Stricken Froome set to become Britain's first Grand Tour winner
Chris Froome stands to retrospectively become Britain's first Grand Tour winner and add a seventh title to his collection, all from his hospital bed in France where he is recovering from a horror crash which has ruled him out of the Tour de France.
While the Team Ineos rider recovered from an operation lasting around six hours to repair multiple fractures, world governing body the UCI announced that 2011 Vuelta a Espana winner Juan Jose Cobo had been found guilty of a doping violation.
Cobo, riding for Geox-TMC, beat Froome by 13 seconds, with fellow Team Sky rider Sir Bradley Wiggins third, one minute and 39 seconds down, but is now expected to be stripped of the title.
The UCI said Cobo had been found "guilty of an anti-doping violation (use of a prohibited substance) based on abnormalities from 2009 and 2011 detected in his Biological Passport" and ruled ineligible for a period of three years.
The 38-year-old Spaniard has one month in which he can appeal to the Court of Arbitration for Sport against the ruling, but, should it stand, Froome is in line to become a two-time Vuelta winner.
If awarded the title, he will become Britain's first Grand Tour winner, beating Wiggins' 2012 Tour victory by 10 months, and add the title to his Tour de France wins in 2013, 2015, 2016 and 2017, his Vuelta win in 2017, and the 2018 Giro d'Italia title.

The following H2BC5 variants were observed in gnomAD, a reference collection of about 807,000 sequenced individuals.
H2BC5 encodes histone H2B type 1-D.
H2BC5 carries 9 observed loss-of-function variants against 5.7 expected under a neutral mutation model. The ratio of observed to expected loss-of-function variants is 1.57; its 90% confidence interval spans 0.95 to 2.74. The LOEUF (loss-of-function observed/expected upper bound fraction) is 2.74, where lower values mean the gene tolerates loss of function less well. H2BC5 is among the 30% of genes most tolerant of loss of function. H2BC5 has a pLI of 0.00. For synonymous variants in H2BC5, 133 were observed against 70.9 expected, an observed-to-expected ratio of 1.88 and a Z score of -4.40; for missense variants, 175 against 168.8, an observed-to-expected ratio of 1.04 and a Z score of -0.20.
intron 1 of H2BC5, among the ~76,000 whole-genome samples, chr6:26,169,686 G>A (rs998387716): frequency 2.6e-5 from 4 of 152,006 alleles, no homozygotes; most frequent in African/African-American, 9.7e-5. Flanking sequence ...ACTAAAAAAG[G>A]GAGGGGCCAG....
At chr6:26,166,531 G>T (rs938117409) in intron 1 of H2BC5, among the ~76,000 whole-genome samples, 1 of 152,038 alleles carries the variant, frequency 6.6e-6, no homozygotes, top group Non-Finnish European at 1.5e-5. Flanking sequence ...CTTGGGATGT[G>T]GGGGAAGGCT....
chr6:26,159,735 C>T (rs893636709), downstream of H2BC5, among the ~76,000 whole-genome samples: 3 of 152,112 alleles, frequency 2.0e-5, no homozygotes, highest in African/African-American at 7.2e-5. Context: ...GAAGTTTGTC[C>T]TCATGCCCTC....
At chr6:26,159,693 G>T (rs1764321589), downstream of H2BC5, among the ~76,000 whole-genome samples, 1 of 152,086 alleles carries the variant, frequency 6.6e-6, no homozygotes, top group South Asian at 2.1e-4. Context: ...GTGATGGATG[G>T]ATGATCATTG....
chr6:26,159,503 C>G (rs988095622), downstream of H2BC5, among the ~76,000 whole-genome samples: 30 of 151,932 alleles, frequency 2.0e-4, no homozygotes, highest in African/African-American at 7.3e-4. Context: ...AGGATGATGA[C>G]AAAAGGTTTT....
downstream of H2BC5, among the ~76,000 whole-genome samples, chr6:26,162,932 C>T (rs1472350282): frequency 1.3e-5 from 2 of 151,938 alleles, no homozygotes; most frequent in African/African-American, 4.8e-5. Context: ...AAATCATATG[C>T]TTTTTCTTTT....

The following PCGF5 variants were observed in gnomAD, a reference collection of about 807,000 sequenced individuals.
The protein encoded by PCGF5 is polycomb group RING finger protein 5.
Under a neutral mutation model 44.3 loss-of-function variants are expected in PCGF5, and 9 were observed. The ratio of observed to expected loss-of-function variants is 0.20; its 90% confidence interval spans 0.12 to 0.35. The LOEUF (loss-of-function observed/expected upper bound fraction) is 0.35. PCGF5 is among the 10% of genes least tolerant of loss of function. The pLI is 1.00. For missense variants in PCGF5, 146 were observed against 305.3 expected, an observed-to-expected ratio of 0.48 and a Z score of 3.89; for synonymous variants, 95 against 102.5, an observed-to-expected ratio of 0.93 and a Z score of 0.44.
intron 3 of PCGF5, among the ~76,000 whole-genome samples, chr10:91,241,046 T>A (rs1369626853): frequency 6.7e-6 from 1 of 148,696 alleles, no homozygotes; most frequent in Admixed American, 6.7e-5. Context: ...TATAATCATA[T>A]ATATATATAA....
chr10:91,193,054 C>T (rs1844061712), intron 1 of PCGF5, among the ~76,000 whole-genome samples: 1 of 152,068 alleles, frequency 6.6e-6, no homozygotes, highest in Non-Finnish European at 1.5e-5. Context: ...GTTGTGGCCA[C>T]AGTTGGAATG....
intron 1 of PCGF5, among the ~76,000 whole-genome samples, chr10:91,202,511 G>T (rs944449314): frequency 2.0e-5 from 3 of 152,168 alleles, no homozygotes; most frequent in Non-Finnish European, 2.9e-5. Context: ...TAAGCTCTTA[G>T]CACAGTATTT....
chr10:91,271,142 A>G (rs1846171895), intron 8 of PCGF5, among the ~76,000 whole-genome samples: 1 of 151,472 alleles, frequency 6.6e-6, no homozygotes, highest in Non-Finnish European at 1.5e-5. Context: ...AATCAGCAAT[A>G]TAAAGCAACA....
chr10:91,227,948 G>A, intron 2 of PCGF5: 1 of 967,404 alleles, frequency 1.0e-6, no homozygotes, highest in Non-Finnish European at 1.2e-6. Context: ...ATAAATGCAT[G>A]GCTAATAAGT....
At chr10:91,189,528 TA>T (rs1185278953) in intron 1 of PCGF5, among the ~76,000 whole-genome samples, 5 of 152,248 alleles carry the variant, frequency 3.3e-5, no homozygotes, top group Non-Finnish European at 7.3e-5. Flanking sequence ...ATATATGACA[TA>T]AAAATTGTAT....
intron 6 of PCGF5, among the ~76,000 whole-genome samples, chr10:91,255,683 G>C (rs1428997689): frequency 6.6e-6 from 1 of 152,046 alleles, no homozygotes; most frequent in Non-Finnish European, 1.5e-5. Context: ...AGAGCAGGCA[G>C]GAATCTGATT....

A spokesperson for La Vuelta said organisers were awaiting the full ruling from the UCI before making a statement.
However, Froome is in no position to celebrate the potential win after his horror crash during his reconnaissance ahead of stage four of the Criterium du Dauphine on Wednesday.
The 34-year-old underwent lengthy surgery overnight after suffering a broken femur and broken ribs in a high-speed crash on the time trial course. He remains in hospital in St Etienne, where he has been joined by his wife Michelle and Team Ineos doctor Richard Usher.
Speaking ahead of yesterday's stage five of the Dauphine, Ineos team principal Sir Dave Brailsford said: "He had surgery to repair his femur, his hip, his elbow.
"He's got broken ribs, a little bit of internal damage as well, so he's staying in intensive care for the next couple of days and then we'll go from there.
"He's being very well looked after. Our doctor is with him now and Michelle is with him. We'll keep monitoring the situation and see how it develops."
According to a full statement from Dr Usher issued later in the day, Froome's mind has already turned to the work of rehabilitation to come.
"Chris will remain in hospital for the next few days for observation, but he is already actively engaging in discussing his rehabilitation options, which is very encouraging," said Dr Usher in the statement.